Prion disease is a spectrum disease because of its many mutations and because some victims appear to have a genetic predisposition to resist the disease. Some prions can kill people within weeks of exhibiting clinical symptoms, while others can take years. Others may not fall victim to the disease, but can still carry the pathogen internally and externally. Victims become infectious long before they appear sick. Their bodily fluids proceed to contaminate the world around them.
Since prion disease is a spectrum disease, doctors can’t tell the difference between Alzheimer’s disease and CJD. It’s a process of elimination and a shot in the dark. The only definitive diagnosis comes with an autopsy, which rarely happens with neurological disease (concerns over deadly contamination). All doctors are guessing with each diagnosis based on the severity of the symptoms. This problem also complicates the search for accurate statistics about the size and scope of the epidemic.
Alzheimer’s diagnoses are wrong at least 20 percent of the time. Unfortunately for caregivers and family members, the protocol for patient care and caregiver safety are vastly different for Alzheimer’s patients and CJD patients. The double standards put many stakeholders at risk. It’s reckless to try to distinguish between prion diseases on the spectrum. In other words, treat people with Alzheimer’s disease as though they have CJD. Assume the worst and hope for the best. A deadly prion is a deadly prion.
“There is now real evidence of the potential transmissibility of Alzheimer’s,” says Thomas Wiesniewski M.D. a prion and Alzheimer’s researcher at New York University School of Medicine.
Sewage Sludge Dumped
Although there are many causes and pathways contributing to the prion disease epidemic, many pathways are being mismanaged. Thanks to sewage, biosolids, and reclaimed sewage water, we’re recycling the prion pathogen that causes Alzheimer’s and CJD right back into our food and water. Every sewage treatment system in the world has been used by someone, if not millions, of people with Alzheimer’s disease and Creutzfeldt-Jakob disease. Sewage systems are now prion incubators and distributors. Sewage sludge, wastewater, biosolids and other byproducts are highly lethal.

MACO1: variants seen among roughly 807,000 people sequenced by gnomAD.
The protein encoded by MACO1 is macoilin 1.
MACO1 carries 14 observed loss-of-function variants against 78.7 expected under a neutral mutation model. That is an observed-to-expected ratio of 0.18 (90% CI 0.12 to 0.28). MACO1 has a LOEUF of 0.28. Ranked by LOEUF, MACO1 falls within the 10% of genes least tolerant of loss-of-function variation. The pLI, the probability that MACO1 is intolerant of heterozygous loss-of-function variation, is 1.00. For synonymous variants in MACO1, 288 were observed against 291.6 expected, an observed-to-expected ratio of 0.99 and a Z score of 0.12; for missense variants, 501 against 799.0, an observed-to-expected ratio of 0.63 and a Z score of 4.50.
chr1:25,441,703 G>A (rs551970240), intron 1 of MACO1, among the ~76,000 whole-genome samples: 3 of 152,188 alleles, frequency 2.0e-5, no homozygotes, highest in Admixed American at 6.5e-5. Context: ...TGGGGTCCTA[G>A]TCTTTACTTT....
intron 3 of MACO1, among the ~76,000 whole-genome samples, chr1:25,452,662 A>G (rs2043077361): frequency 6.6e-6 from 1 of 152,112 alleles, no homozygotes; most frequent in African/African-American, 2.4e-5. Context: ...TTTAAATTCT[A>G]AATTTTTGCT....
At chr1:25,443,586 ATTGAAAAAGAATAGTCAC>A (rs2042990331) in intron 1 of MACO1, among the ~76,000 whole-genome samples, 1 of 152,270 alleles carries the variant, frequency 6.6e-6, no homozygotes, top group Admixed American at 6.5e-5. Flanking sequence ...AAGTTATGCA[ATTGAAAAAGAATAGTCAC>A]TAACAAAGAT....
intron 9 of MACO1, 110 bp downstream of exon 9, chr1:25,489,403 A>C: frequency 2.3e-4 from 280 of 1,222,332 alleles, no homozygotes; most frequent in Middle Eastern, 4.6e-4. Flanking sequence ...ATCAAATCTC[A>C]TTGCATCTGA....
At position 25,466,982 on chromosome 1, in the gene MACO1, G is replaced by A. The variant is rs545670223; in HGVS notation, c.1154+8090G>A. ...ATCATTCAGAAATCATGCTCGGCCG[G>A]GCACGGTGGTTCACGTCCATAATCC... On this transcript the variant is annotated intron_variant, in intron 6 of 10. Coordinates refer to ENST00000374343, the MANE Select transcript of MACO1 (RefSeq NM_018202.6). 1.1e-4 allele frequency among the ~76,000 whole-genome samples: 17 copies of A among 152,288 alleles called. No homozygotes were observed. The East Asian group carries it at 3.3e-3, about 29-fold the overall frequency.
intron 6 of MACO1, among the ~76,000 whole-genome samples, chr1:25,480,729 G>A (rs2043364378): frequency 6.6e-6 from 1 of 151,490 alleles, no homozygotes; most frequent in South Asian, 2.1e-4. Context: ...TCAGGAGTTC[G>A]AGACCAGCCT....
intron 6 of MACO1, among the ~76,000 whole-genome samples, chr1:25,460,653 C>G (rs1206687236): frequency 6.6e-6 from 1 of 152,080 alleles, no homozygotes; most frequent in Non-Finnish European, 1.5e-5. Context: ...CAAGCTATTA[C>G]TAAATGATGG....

Thanks to more and more people dying from TSEs, and thanks to more and more sewage mismanagement, we’re dumping deadly pathogens on farms, parks, golf courses and school grounds. Rain and irrigation spread the prions throughout our communities, watersheds and into our oceans. Winds carries prion-laced dust into our communities, schools, offices and homes.
Dumping tons of sewage from millions of people on land and at sea spreads the prion pathogen far and wide. It’s a case of Pandora’s lunchbox. We’re contaminating our food and water supplies with our own sewage.
Now, back to our Baltic story. The Baltic Sea is positioned in Northern Europe and bordered by Sweden, Finland, Russia, Estonia, Latvia, Lithuania, Poland, northeastern Germany, and eastern Denmark and its numerous islands. It’s the source of food for millions of people. Its watersheds provide drinking water for hundreds of communities, not to mention livestock, throughout the region. Unfortunately, pollution is killing the Baltic Sea and residents of the region.
“This is one of the world’s most polluted oceans,” said Fredrik Wulff, a professor of marine systems ecology at Stockholm University. “Because it’s an almost closed body of water, everything that’s dumped here stays for decades.”
Read The Full Story About The Alzheimer’s Disease Epidemic in Finland, Sweden and Beyond http://alzheimerdisease.tv/alzheimers-disease-finland-sweden/